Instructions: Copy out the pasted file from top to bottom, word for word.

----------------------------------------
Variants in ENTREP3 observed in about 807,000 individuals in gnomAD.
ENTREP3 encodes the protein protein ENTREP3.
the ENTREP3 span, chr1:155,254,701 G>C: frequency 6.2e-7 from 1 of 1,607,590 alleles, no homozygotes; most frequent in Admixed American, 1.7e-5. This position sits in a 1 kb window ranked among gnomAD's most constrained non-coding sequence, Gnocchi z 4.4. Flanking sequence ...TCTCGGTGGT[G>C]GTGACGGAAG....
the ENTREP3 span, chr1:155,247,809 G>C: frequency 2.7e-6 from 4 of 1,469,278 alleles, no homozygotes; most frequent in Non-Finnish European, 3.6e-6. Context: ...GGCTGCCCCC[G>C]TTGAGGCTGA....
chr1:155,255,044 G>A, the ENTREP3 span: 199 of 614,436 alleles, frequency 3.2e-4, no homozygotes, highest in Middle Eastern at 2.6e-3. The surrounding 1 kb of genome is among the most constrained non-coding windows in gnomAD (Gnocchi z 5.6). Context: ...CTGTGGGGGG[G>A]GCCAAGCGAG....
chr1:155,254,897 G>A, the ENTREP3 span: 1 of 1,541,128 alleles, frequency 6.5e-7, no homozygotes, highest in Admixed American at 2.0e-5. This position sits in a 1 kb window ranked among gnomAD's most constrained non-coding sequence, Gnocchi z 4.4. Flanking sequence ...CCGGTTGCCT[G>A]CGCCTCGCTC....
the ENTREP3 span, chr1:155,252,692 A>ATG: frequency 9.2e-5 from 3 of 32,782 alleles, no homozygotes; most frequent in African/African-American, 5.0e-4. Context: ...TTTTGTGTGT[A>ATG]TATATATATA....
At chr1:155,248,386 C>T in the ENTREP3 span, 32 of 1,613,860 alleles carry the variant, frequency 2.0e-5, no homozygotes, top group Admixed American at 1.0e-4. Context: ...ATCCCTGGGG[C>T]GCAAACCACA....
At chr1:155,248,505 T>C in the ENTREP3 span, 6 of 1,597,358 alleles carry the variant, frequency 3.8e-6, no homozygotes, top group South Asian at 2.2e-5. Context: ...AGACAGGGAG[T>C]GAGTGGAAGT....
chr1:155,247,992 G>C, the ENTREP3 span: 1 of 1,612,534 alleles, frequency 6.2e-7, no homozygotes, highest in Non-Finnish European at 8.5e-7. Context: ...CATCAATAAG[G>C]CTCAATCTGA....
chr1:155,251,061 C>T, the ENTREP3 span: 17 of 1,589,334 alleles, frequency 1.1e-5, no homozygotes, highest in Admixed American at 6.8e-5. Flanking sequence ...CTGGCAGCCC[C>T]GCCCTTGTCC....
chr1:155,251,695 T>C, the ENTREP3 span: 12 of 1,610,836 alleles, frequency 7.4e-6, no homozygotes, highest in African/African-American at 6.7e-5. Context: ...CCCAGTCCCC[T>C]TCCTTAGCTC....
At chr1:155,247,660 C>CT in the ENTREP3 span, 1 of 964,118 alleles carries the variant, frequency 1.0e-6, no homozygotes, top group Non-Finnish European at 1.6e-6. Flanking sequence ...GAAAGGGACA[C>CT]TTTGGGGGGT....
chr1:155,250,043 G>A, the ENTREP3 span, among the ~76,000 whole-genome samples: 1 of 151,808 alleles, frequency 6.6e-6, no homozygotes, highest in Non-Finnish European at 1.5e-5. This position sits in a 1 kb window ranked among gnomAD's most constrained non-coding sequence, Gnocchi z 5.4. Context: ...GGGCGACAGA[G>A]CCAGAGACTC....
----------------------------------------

Variants in ENTREP3 observed in about 807,000 individuals in gnomAD.
ENTREP3 encodes the protein protein ENTREP3.
the ENTREP3 span, chr1:155,254,701 G>C: frequency 6.2e-7 from 1 of 1,607,590 alleles, no homozygotes; most frequent in Admixed American, 1.7e-5. This position sits in a 1 kb window ranked among gnomAD's most constrained non-coding sequence, Gnocchi z 4.4. Flanking sequence ...TCTCGGTGGT[G>C]GTGACGGAAG....
the ENTREP3 span, chr1:155,247,809 G>C: frequency 2.7e-6 from 4 of 1,469,278 alleles, no homozygotes; most frequent in Non-Finnish European, 3.6e-6. Context: ...GGCTGCCCCC[G>C]TTGAGGCTGA....
chr1:155,255,044 G>A, the ENTREP3 span: 199 of 614,436 alleles, frequency 3.2e-4, no homozygotes, highest in Middle Eastern at 2.6e-3. The surrounding 1 kb of genome is among the most constrained non-coding windows in gnomAD (Gnocchi z 5.6). Context: ...CTGTGGGGGG[G>A]GCCAAGCGAG....
chr1:155,254,897 G>A, the ENTREP3 span: 1 of 1,541,128 alleles, frequency 6.5e-7, no homozygotes, highest in Admixed American at 2.0e-5. This position sits in a 1 kb window ranked among gnomAD's most constrained non-coding sequence, Gnocchi z 4.4. Flanking sequence ...CCGGTTGCCT[G>A]CGCCTCGCTC....
the ENTREP3 span, chr1:155,252,692 A>ATG: frequency 9.2e-5 from 3 of 32,782 alleles, no homozygotes; most frequent in African/African-American, 5.0e-4. Context: ...TTTTGTGTGT[A>ATG]TATATATATA....
At chr1:155,248,386 C>T in the ENTREP3 span, 32 of 1,613,860 alleles carry the variant, frequency 2.0e-5, no homozygotes, top group Admixed American at 1.0e-4. Context: ...ATCCCTGGGG[C>T]GCAAACCACA....
At chr1:155,248,505 T>C in the ENTREP3 span, 6 of 1,597,358 alleles carry the variant, frequency 3.8e-6, no homozygotes, top group South Asian at 2.2e-5. Context: ...AGACAGGGAG[T>C]GAGTGGAAGT....
chr1:155,247,992 G>C, the ENTREP3 span: 1 of 1,612,534 alleles, frequency 6.2e-7, no homozygotes, highest in Non-Finnish European at 8.5e-7. Context: ...CATCAATAAG[G>C]CTCAATCTGA....
chr1:155,251,061 C>T, the ENTREP3 span: 17 of 1,589,334 alleles, frequency 1.1e-5, no homozygotes, highest in Admixed American at 6.8e-5. Flanking sequence ...CTGGCAGCCC[C>T]GCCCTTGTCC....
chr1:155,251,695 T>C, the ENTREP3 span: 12 of 1,610,836 alleles, frequency 7.4e-6, no homozygotes, highest in African/African-American at 6.7e-5. Context: ...CCCAGTCCCC[T>C]TCCTTAGCTC....
At chr1:155,247,660 C>CT in the ENTREP3 span, 1 of 964,118 alleles carries the variant, frequency 1.0e-6, no homozygotes, top group Non-Finnish European at 1.6e-6. Flanking sequence ...GAAAGGGACA[C>CT]TTTGGGGGGT....
chr1:155,250,043 G>A, the ENTREP3 span, among the ~76,000 whole-genome samples: 1 of 151,808 alleles, frequency 6.6e-6, no homozygotes, highest in Non-Finnish European at 1.5e-5. This position sits in a 1 kb window ranked among gnomAD's most constrained non-coding sequence, Gnocchi z 5.4. Context: ...GGGCGACAGA[G>A]CCAGAGACTC....